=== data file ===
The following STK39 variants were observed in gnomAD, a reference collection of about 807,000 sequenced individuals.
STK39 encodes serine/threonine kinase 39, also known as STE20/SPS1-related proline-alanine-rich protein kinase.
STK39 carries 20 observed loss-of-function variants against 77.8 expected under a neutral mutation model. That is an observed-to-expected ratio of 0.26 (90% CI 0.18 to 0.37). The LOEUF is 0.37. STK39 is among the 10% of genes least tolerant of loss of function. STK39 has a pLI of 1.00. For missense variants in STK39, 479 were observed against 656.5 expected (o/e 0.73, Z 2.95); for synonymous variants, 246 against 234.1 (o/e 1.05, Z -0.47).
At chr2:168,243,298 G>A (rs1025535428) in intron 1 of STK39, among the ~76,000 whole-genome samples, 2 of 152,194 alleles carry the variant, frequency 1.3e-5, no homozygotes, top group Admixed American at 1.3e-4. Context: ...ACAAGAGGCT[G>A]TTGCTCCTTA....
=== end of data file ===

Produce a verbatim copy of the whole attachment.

The following STK39 variants were observed in gnomAD, a reference collection of about 807,000 sequenced individuals.
STK39 encodes serine/threonine kinase 39, also known as STE20/SPS1-related proline-alanine-rich protein kinase.
STK39 carries 20 observed loss-of-function variants against 77.8 expected under a neutral mutation model. That is an observed-to-expected ratio of 0.26 (90% CI 0.18 to 0.37). The LOEUF is 0.37. STK39 is among the 10% of genes least tolerant of loss of function. STK39 has a pLI of 1.00. For missense variants in STK39, 479 were observed against 656.5 expected (o/e 0.73, Z 2.95); for synonymous variants, 246 against 234.1 (o/e 1.05, Z -0.47).
At chr2:168,243,298 G>A (rs1025535428) in intron 1 of STK39, among the ~76,000 whole-genome samples, 2 of 152,194 alleles carry the variant, frequency 1.3e-5, no homozygotes, top group Admixed American at 1.3e-4. Context: ...ACAAGAGGCT[G>A]TTGCTCCTTA....